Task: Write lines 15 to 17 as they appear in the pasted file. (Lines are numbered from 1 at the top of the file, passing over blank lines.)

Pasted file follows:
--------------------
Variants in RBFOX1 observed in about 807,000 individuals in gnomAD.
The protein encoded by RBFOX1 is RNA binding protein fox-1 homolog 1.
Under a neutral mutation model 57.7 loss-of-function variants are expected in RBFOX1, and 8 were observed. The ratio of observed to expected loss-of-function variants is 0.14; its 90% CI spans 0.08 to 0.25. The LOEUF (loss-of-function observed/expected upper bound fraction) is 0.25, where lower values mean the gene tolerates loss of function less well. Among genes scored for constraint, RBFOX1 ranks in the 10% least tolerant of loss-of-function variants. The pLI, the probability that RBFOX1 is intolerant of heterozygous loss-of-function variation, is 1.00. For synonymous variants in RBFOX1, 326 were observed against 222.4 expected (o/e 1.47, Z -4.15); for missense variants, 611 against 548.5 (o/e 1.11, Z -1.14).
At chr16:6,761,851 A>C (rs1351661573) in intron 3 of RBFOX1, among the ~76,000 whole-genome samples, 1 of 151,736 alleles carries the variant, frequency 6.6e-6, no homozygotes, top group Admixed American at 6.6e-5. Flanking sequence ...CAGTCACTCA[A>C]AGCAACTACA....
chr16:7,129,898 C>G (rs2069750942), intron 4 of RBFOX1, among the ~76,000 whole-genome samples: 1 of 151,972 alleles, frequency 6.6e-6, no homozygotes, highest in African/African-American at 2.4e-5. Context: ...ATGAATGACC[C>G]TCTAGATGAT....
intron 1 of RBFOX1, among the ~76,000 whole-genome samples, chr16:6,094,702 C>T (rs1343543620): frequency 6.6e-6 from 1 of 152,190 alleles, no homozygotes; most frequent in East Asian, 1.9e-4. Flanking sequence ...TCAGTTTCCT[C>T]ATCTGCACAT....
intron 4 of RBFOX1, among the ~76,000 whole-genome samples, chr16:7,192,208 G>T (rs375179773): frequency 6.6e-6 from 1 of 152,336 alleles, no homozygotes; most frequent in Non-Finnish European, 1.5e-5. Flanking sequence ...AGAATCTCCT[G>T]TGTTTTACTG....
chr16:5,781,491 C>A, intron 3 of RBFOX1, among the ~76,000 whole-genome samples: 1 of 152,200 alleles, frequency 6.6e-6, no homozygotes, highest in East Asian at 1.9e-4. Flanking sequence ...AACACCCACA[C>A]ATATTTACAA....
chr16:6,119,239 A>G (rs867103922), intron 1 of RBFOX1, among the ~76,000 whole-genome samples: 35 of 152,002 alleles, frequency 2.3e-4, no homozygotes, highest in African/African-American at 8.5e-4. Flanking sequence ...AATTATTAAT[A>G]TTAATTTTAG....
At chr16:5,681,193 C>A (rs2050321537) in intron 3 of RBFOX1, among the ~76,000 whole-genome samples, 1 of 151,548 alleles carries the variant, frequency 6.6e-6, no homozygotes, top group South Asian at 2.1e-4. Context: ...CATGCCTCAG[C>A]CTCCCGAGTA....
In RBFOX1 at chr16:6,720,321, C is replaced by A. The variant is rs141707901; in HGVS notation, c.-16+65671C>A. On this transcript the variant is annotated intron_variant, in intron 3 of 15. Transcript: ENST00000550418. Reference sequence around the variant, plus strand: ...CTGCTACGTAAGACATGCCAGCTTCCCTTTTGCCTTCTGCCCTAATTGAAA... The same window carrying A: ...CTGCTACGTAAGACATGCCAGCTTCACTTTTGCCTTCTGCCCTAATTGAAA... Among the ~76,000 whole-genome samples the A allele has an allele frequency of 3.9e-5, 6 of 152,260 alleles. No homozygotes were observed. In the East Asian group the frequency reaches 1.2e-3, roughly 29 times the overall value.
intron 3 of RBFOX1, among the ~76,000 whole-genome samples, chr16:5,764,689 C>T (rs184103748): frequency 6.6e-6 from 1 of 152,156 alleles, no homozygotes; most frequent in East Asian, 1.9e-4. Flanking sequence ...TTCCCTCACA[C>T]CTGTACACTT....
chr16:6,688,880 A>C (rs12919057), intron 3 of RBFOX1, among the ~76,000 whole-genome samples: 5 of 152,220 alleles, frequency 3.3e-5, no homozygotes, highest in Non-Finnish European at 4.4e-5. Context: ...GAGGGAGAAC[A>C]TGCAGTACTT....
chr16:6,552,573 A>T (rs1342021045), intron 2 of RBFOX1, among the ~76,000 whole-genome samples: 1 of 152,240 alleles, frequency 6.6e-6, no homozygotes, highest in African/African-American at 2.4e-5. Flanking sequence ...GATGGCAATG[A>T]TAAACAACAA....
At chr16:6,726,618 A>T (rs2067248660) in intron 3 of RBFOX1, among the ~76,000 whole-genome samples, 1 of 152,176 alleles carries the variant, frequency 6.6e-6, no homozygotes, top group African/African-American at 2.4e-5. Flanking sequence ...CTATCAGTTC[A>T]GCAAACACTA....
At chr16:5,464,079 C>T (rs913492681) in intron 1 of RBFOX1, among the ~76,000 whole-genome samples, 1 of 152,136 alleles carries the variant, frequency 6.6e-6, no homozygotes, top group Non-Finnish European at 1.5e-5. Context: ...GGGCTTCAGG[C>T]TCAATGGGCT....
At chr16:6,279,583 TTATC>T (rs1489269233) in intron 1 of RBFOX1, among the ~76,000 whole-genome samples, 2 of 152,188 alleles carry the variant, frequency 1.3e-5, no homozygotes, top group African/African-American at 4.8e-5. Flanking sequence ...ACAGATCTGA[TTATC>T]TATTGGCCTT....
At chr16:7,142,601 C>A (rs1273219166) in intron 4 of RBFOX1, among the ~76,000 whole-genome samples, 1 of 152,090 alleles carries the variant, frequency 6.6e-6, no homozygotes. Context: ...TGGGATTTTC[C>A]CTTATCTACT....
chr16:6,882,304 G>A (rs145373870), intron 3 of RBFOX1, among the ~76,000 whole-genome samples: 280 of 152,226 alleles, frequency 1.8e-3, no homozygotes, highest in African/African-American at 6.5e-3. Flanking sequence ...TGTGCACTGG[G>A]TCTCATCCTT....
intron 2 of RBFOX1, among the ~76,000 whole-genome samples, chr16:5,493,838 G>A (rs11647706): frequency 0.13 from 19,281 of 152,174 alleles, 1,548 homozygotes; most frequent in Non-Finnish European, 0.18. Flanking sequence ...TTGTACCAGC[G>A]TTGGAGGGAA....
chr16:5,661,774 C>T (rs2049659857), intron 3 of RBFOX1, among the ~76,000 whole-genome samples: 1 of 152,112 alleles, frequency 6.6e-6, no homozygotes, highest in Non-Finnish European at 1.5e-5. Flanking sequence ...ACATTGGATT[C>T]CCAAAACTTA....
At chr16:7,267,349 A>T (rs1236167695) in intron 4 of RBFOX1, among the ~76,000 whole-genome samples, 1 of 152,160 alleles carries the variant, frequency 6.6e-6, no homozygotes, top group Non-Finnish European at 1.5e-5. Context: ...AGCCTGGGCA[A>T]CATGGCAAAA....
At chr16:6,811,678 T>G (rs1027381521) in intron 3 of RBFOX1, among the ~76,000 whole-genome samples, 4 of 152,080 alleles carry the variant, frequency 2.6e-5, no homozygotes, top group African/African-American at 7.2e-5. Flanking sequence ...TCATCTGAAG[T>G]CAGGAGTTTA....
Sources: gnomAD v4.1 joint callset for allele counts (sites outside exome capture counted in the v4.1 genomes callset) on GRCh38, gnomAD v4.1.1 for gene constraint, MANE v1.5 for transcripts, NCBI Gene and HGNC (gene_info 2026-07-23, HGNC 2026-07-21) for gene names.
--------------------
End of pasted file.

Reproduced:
At chr16:6,726,618 A>T (rs2067248660) in intron 3 of RBFOX1, among the ~76,000 whole-genome samples, 1 of 152,176 alleles carries the variant, frequency 6.6e-6, no homozygotes, top group African/African-American at 2.4e-5. Flanking sequence ...CTATCAGTTC[A>T]GCAAACACTA....
At chr16:5,464,079 C>T (rs913492681) in intron 1 of RBFOX1, among the ~76,000 whole-genome samples, 1 of 152,136 alleles carries the variant, frequency 6.6e-6, no homozygotes, top group Non-Finnish European at 1.5e-5. Context: ...GGGCTTCAGG[C>T]TCAATGGGCT....
At chr16:6,279,583 TTATC>T (rs1489269233) in intron 1 of RBFOX1, among the ~76,000 whole-genome samples, 2 of 152,188 alleles carry the variant, frequency 1.3e-5, no homozygotes, top group African/African-American at 4.8e-5. Flanking sequence ...ACAGATCTGA[TTATC>T]TATTGGCCTT....